The biggest issue is probably the pacing. Unsane knows where it’s going, but it takes a long time to get there. The film only runs about 98 minutes, so it’s not the runtime that is the culprit here. The structure of the film is just that there are long periods where not a lot happens as you have to waffle between crazy or not. I enjoyed the film, but it could have been cleaned up. I think some of these pacing issues came from the ambitious I-Phone choice, because it makes it seem so much more real than a normal film often seems. I’m giving it a “B-“ and a round of applause for being daring.
For more on this film, check out IMDB.
Quick Hit: SO MANY FISH PEOPLE.
I was extremely wary of this film. Despite loving the majority of James Wan’s work, taking Aquaman and making him BA and also making him “Bro-man” was a bit of a risk. I wasn’t sure that all of it would pay off, but as Patrick Wilson, Willem Dafoe and others continued to get involved, I couldn’t help but be a bit anxious that it had a chance to actually…be… good. And you know what? It was! Aquaman was wildly entertaining, led first and foremost by Jason Momoa. But it’s Wan’s strong directing that brings it forward as we ping-pong throughout the film and the stakes and the set-pieces get larger and larger and larger.
And I’m absolutely not kidding. There’s so much going on. Fish people (literally, not just humans that breath underwater), crab people, giant mythological creatures, and a sequence that could literally be out of one of Wan’s horror films that features creatures that remind me a bit of something I would see in The Upside down in Stranger Things. The design of these creatures is fantastic and is at times gives feelings reminiscent of watching Lord of the Rings for the first time when you got to see the Orcs and the Uruk Hai. And of course, there are people riding freaking sharks and seahorses and other things.
That’s one of the first points that I want to make about Aquaman. If it’s not clear, this movie is a bit like a fantasy epic. There’s a quest for a mythical item that will help the hero succeed in his quest, but throughout the whole film, he is learning that he is good enough despite being a child of two races. He has a strained relationship with his brother due to his half-blood nature, and he is eventually confronted by a beast that is straight out of mythology in the Kraken. If you dive into the film and look at what’s in it, it could essentially be a retelling of a Tolkien story or a Greek or Roman myth. To do that in a modern blockbuster and still make it feel new is impressive.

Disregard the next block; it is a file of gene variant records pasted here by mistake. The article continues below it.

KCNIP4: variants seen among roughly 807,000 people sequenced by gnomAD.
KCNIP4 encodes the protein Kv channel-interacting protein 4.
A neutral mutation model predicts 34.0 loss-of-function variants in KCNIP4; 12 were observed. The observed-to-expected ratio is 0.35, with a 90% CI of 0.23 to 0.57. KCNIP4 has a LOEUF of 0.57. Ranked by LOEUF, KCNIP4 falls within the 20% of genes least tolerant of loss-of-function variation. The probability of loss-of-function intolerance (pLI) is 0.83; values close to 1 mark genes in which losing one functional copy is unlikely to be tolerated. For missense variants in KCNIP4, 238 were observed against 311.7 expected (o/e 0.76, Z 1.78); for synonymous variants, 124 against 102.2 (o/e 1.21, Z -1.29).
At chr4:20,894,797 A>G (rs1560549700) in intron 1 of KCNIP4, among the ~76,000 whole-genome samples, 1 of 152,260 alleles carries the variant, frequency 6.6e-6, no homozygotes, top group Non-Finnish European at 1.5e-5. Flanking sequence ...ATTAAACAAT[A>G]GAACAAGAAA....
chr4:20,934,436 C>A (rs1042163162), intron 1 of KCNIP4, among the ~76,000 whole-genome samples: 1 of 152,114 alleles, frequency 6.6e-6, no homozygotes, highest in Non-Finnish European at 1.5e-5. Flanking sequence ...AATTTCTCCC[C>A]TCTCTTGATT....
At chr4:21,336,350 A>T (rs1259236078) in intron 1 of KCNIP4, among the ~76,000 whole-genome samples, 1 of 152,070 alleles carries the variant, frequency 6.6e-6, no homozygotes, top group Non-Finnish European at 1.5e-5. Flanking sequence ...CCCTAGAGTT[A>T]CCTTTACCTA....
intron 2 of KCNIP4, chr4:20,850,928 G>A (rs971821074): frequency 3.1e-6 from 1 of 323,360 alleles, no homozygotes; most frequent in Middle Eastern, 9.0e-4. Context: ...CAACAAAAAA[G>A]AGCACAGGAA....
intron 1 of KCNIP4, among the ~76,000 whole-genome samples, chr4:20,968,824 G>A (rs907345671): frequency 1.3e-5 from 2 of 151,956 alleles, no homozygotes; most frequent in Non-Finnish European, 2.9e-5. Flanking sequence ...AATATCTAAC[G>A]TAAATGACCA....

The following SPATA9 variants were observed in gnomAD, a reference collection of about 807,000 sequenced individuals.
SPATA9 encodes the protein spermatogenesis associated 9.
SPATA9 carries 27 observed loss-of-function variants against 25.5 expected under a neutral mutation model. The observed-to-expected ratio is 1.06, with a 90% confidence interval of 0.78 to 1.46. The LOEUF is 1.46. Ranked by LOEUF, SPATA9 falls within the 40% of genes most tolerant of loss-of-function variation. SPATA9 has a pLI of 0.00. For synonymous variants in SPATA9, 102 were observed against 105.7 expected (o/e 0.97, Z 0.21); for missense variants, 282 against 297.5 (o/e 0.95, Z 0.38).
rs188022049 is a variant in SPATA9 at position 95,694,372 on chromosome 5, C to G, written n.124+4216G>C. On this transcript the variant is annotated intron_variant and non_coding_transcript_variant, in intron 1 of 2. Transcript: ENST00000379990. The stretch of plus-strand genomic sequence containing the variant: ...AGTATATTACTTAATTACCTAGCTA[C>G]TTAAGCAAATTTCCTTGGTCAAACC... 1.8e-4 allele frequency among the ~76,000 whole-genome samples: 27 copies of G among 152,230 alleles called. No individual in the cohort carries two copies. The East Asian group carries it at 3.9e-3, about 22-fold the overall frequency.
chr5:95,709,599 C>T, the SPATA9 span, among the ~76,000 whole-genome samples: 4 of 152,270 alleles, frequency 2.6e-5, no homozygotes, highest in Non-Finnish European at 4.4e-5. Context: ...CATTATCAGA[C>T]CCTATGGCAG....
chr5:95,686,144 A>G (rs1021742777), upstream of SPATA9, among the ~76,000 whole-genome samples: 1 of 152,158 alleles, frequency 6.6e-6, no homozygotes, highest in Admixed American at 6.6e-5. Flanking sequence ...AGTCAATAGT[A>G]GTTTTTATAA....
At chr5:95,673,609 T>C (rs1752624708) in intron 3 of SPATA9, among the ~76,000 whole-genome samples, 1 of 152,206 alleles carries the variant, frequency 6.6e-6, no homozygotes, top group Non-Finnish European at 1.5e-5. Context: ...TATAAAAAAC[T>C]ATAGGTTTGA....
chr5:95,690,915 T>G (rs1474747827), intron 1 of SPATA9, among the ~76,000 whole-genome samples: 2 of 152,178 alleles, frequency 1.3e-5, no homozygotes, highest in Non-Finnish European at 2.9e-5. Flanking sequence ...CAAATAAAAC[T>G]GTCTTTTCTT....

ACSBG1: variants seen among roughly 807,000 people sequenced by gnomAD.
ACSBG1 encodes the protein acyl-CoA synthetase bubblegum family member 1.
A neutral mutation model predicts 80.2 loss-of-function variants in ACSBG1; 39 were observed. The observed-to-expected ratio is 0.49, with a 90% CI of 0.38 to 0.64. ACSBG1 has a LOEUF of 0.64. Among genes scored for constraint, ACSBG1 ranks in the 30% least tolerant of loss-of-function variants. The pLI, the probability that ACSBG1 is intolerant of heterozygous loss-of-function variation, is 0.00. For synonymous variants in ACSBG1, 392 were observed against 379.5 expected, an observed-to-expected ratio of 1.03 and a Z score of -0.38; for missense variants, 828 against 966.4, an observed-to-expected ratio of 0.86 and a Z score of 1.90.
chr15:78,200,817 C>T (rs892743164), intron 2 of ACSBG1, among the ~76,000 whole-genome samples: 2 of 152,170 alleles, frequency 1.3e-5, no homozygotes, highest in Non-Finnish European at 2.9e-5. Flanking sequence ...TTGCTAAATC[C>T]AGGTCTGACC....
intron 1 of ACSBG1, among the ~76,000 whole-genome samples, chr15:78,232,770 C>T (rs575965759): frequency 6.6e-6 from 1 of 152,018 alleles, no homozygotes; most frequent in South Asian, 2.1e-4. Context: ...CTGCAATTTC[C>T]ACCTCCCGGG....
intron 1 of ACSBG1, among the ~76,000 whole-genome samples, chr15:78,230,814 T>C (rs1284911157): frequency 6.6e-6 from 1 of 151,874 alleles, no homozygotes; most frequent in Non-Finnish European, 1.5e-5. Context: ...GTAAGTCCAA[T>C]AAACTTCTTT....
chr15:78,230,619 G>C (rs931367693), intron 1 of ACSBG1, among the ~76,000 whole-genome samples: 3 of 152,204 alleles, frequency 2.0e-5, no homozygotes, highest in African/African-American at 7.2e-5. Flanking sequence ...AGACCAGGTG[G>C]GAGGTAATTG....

I’m also totally in and sold on Bromoa and the whole surrounding cast. I thought the weakest part (as in most films about super-powered beings) was the villain development. I think the development of Manta was a bit slow (I understand he was being set-up primarily for sequels, but why have him be such a big part in this one then?), and Orm/Ocean Master is one of those that without Patrick Wilson’s ALL-IN dedication, he would have just been a cliché. As it is, Wilson totally sells it, and if you haven’t watched a clip of him yelling repeatedly, I’d highly recommend it.
I also thought they did a great job at selling the slow reluctant love story between Mera (Amber Heard) and Arthur. Amber Heard is enough that she totally put Bromoa in her place several times, and the whole thing definitely reminding me of Khaleesi in Game of Thrones. She’s a strong woman, and Wan gives her plenty to do – she’s not just a red-headed arm piece. Indeed, without her, Arthur never would have been able to complete his quest. The chemistry between Heard and Momoa wavers at times, but never gets distracting. As the film goes, they get stronger, but they never approach the easy going chemistry that Nicole Kidman and Temuera Morrison manage to have from the get-go. Their love story is truly one of the best, even if it is also very reminiscent of something you’d see in, say Pirates of the Caribbean: Dead Man’s Chest.
Speaking of Kidman – she’s a boss in this as well – and she gets to have a freaking Center of the Earth type sequence. She doesn’t get quite enough to do in the latter half of the film, but she’s great anytime she’s there.
I could type on this film however long I want – if anyone wants more information on my thoughts, let me know. Until then, I’m going to end it with this – Aquaman is fiercely entertaining in all the best ways. I’m going to give this absolutely bonkers fest a “B+”.
For more on this film, check out IMDB.
"All work and no play makes Jack a dull boy"